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Anna - Interview 09

Age at interview: 34
Age at diagnosis: 33
Brief Outline: Anna was diagnosed with CIN3 in 2008, aged 33, and treated by LLETZ. She was particularly concerned about the impact of treatment for CIN3 on IVF treatment.
Background: Anna is a married solicitor Ethnic background / nationality' White British

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Anna said she had not attended regularly for cervical screening and that five years may have elapsed since she’d had a smear test. She had also moved home during those five years so may have missed appointments if invitation letters had been sent to her old address.

Several months after having a smear test, Anna received a letter asking her to make an appointment with her GP to discuss the results. Her GP told her that she had CIN3 and this came as shocking news, especially because she and her husband had planned to start IVF treatment that month. They were unable to start it until after her treatment and clear results.

Anna had a colposcopy and was treated there and then by LLETZ. She bled quite heavily afterwards but, when she looked for more information about this on the internet, she could not find anything relevant. When she visited her GP, she was prescribed medication that helped stop the bleeding and had her next period as normal. Anna said she was also concerned about the impact of treatment for CIN3 on IVF treatment.

Since her treatment for CIN3, Anna has had no further problems and attends regularly for cervical screening. Because of her own experience, she advises other women to attend.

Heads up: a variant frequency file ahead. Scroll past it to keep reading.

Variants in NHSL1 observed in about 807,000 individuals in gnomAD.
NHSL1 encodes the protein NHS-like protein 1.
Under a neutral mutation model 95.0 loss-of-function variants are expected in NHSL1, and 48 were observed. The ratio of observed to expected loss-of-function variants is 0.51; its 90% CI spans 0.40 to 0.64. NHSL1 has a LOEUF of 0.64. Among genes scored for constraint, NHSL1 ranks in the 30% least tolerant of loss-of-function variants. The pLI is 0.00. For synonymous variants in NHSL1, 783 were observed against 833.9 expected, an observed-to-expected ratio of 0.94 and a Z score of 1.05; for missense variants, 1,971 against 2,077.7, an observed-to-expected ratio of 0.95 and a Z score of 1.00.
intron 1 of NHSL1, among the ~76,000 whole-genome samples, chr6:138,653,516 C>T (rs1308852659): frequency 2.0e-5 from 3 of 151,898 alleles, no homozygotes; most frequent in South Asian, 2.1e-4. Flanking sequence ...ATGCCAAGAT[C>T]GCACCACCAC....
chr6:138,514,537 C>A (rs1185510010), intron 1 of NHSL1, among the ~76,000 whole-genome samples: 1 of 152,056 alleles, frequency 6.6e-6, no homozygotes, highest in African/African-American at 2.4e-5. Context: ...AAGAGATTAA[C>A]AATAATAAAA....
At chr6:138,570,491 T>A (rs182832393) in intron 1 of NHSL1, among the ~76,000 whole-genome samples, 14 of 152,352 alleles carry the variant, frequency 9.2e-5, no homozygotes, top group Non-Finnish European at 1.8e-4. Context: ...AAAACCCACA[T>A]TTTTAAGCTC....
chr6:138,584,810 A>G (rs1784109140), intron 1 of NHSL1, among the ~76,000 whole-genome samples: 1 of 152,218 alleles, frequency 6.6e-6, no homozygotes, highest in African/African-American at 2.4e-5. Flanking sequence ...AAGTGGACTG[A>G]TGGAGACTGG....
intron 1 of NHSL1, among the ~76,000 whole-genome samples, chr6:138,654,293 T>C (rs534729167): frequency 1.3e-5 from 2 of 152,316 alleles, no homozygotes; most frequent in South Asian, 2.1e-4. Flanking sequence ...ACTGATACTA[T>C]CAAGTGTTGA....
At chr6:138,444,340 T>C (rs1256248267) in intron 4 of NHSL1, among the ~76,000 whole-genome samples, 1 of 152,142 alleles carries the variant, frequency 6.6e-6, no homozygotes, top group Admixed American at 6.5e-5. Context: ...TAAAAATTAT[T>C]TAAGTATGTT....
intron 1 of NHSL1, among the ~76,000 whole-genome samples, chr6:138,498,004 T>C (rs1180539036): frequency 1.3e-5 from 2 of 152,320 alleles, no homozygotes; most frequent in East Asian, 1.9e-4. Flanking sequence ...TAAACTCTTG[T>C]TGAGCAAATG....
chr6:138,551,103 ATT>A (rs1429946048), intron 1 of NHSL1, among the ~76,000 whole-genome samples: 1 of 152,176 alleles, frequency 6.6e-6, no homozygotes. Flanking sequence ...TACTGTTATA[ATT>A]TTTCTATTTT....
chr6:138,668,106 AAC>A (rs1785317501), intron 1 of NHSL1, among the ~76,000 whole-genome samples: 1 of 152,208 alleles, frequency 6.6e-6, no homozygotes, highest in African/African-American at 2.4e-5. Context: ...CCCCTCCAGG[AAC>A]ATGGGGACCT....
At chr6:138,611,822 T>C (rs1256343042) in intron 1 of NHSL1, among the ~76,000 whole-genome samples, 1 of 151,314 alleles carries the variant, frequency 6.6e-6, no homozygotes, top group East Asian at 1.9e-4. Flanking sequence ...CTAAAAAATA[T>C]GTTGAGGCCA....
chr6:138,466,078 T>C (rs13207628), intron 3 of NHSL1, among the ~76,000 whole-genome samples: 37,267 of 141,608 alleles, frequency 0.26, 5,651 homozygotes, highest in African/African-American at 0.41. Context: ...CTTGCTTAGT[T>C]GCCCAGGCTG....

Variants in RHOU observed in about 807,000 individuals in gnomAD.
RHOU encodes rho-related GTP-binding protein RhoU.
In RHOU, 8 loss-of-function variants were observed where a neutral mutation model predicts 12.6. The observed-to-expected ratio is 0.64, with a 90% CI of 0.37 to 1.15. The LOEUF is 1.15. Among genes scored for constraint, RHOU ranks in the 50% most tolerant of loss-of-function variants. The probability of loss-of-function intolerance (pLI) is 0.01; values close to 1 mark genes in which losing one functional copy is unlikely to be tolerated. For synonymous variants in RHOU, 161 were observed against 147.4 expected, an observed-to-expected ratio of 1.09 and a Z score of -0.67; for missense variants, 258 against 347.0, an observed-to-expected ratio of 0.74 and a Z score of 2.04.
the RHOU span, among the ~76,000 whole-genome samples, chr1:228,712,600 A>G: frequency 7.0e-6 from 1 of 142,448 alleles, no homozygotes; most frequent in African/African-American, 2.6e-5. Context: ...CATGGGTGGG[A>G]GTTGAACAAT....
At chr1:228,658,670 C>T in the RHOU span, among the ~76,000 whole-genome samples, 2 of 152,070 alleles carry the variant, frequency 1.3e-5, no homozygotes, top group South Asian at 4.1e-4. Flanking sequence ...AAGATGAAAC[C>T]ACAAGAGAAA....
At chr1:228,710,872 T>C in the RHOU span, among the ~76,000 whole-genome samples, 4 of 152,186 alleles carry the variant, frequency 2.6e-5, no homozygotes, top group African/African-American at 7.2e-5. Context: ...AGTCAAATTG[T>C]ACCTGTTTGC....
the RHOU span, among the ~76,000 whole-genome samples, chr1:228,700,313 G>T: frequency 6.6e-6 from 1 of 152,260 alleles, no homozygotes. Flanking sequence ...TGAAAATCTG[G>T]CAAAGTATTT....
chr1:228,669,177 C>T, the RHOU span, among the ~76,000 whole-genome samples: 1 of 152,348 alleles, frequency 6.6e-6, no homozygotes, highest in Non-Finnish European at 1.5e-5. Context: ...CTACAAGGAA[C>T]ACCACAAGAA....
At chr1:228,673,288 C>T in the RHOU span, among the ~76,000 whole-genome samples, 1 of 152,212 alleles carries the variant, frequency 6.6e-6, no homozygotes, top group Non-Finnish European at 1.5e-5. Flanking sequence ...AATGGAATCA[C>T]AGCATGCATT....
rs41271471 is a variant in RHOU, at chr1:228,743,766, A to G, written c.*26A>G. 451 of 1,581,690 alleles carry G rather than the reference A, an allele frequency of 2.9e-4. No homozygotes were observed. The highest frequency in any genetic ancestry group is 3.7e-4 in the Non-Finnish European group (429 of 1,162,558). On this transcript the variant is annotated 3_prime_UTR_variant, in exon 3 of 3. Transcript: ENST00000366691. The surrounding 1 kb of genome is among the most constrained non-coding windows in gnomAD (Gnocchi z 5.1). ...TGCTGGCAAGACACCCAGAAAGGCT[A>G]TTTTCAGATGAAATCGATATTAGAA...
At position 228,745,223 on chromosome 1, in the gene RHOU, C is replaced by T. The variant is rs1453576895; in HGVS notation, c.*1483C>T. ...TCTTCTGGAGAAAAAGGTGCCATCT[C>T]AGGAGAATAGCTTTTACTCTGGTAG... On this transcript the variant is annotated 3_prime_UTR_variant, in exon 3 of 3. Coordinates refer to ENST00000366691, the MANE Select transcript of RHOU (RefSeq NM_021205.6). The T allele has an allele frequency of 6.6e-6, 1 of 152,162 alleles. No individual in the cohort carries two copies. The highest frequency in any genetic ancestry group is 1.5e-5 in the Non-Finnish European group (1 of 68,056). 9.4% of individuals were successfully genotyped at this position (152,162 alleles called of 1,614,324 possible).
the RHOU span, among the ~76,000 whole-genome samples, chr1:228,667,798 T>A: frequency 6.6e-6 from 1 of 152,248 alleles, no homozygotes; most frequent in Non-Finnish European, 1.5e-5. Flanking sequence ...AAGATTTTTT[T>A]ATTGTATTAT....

The doctor could see the area that needed treatment and Anna was pleased to be treated sooner...

The doctor could see the area that needed treatment and Anna was pleased to be treated sooner...

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On the first day that I saw them I explained that we were expecting to start IVF treatment and the delay was really scary. And the doctor said if he looked and it was obvious that I would need treatment, he would do the treatment there and then.

Fortunately my husband was with me because he’d had the day off that day. And he looked and he said, “Okay well, I’m going to take a biopsy but I can see that there is definitely an abnormality. And you’re going to need to have a loop diathermy. So I’ll just do it. And so he just did it there and then. So that was, I thought that was really good of him because that, you know, that meant I could have more IVF treatment sooner and also I’d know the answer quicker. And that was a weight off my mind that he did that.